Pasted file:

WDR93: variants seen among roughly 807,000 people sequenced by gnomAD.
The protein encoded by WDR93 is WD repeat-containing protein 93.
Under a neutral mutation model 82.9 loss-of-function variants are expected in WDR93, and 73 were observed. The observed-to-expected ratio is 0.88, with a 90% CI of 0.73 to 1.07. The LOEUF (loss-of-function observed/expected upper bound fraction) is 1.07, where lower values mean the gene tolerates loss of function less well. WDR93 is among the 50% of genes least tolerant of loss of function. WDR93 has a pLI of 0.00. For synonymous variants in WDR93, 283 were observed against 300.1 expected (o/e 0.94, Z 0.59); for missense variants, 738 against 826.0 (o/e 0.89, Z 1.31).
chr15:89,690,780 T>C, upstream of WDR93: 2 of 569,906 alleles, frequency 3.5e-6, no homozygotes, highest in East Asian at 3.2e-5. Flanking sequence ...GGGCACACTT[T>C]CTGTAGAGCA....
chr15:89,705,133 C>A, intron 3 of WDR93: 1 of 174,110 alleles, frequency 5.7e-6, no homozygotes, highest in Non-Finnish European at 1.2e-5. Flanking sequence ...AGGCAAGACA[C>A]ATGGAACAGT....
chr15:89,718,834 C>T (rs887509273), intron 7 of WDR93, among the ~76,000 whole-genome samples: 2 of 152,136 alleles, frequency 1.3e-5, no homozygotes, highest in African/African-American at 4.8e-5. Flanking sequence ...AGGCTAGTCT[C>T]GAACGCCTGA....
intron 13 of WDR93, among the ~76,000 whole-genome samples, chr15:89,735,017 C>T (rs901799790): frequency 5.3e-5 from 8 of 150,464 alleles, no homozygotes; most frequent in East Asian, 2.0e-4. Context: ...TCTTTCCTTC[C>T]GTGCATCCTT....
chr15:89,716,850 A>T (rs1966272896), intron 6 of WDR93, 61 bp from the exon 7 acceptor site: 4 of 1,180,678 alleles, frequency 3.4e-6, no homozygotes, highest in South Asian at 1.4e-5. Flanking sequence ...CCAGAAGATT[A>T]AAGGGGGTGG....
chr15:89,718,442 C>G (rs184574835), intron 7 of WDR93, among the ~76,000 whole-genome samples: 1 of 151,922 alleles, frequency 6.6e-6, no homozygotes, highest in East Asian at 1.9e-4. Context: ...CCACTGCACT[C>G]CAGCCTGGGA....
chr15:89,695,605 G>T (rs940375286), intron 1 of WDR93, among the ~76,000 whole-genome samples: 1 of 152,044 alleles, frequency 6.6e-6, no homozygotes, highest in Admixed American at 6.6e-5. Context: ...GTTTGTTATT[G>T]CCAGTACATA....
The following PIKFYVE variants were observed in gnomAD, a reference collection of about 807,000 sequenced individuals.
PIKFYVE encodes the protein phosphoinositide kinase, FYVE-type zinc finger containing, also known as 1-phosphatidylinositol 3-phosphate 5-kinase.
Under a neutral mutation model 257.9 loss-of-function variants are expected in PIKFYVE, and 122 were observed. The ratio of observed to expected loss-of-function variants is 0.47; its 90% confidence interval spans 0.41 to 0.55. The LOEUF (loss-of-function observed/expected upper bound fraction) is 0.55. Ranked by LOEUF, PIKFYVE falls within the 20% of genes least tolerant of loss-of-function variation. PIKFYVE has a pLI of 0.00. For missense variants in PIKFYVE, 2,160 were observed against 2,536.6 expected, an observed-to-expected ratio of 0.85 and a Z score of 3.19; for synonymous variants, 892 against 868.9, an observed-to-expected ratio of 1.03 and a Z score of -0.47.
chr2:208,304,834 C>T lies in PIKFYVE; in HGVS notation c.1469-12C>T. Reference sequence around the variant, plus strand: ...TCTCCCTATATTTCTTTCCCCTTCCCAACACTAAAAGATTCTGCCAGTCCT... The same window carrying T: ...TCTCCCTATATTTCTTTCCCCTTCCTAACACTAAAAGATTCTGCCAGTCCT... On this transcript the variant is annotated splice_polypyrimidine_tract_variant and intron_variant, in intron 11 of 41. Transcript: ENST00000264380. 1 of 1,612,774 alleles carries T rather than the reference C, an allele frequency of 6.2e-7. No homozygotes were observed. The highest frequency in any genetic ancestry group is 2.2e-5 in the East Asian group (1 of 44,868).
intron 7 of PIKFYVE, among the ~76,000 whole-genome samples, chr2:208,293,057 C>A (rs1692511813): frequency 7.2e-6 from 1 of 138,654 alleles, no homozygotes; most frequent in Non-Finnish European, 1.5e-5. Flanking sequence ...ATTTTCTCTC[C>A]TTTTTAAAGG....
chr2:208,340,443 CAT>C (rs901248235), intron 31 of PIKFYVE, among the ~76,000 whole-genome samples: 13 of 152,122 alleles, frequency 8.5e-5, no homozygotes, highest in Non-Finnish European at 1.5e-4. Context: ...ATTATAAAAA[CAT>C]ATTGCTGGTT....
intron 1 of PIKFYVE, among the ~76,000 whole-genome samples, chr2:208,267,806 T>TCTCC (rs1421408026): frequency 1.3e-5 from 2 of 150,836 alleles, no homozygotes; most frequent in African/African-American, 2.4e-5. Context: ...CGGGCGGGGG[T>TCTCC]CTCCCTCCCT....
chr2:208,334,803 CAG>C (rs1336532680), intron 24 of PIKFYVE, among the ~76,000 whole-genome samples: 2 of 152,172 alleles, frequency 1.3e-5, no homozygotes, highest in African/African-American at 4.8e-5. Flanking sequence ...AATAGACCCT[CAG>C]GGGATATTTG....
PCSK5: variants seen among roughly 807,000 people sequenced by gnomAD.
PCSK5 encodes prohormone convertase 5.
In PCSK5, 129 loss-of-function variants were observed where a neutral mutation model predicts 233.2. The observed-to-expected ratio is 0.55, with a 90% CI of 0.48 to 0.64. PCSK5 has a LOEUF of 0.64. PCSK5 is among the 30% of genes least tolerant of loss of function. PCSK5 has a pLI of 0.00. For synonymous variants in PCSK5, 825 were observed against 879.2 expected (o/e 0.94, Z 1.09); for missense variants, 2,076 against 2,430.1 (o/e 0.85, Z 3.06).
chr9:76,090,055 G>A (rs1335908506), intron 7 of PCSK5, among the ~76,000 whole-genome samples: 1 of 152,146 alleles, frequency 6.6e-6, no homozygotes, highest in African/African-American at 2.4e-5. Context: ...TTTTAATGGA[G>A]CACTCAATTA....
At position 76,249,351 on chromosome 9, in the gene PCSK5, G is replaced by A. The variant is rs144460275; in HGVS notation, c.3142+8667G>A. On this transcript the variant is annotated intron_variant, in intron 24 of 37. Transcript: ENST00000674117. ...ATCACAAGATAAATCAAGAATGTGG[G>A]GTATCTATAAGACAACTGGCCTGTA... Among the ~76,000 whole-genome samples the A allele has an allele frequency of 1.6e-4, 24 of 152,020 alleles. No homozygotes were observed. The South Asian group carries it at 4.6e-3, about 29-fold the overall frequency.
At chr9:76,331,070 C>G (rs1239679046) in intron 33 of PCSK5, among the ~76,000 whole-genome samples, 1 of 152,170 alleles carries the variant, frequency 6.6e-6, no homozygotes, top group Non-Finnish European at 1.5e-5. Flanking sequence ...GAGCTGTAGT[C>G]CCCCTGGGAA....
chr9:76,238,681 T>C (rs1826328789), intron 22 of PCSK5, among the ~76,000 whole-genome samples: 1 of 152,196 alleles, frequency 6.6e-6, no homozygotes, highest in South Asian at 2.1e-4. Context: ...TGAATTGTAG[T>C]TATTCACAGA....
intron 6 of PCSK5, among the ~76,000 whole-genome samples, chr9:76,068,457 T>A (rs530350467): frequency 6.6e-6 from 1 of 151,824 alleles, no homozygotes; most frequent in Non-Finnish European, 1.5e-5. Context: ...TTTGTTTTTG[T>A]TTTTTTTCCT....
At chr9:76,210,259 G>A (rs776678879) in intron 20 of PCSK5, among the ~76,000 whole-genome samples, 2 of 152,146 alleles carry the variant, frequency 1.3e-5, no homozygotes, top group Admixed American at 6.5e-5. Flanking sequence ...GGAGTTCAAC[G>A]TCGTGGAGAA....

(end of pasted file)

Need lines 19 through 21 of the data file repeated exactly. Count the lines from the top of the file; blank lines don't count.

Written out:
PCSK5: variants seen among roughly 807,000 people sequenced by gnomAD.
PCSK5 encodes prohormone convertase 5.
In PCSK5, 129 loss-of-function variants were observed where a neutral mutation model predicts 233.2. The observed-to-expected ratio is 0.55, with a 90% CI of 0.48 to 0.64. PCSK5 has a LOEUF of 0.64. PCSK5 is among the 30% of genes least tolerant of loss of function. PCSK5 has a pLI of 0.00. For synonymous variants in PCSK5, 825 were observed against 879.2 expected (o/e 0.94, Z 1.09); for missense variants, 2,076 against 2,430.1 (o/e 0.85, Z 3.06).